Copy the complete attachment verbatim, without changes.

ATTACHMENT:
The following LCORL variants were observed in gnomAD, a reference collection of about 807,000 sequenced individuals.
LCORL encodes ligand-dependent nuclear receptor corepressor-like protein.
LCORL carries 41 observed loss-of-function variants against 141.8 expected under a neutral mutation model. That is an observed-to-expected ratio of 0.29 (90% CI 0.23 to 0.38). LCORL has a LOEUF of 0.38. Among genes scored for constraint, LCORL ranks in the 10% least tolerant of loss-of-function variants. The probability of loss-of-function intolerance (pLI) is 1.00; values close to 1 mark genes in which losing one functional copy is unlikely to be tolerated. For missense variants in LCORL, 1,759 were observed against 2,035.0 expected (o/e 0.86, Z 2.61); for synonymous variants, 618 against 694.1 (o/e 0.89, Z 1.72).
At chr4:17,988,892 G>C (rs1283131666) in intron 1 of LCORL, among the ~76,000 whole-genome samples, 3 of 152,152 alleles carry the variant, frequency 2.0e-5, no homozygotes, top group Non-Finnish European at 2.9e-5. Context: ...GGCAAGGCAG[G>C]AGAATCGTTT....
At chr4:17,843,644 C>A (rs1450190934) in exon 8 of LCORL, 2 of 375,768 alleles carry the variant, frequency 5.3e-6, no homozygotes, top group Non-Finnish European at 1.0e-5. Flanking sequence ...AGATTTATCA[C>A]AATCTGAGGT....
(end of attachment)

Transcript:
The following LCORL variants were observed in gnomAD, a reference collection of about 807,000 sequenced individuals.
LCORL encodes ligand-dependent nuclear receptor corepressor-like protein.
LCORL carries 41 observed loss-of-function variants against 141.8 expected under a neutral mutation model. That is an observed-to-expected ratio of 0.29 (90% CI 0.23 to 0.38). LCORL has a LOEUF of 0.38. Among genes scored for constraint, LCORL ranks in the 10% least tolerant of loss-of-function variants. The probability of loss-of-function intolerance (pLI) is 1.00; values close to 1 mark genes in which losing one functional copy is unlikely to be tolerated. For missense variants in LCORL, 1,759 were observed against 2,035.0 expected (o/e 0.86, Z 2.61); for synonymous variants, 618 against 694.1 (o/e 0.89, Z 1.72).
At chr4:17,988,892 G>C (rs1283131666) in intron 1 of LCORL, among the ~76,000 whole-genome samples, 3 of 152,152 alleles carry the variant, frequency 2.0e-5, no homozygotes, top group Non-Finnish European at 2.9e-5. Context: ...GGCAAGGCAG[G>C]AGAATCGTTT....
At chr4:17,843,644 C>A (rs1450190934) in exon 8 of LCORL, 2 of 375,768 alleles carry the variant, frequency 5.3e-6, no homozygotes, top group Non-Finnish European at 1.0e-5. Flanking sequence ...AGATTTATCA[C>A]AATCTGAGGT....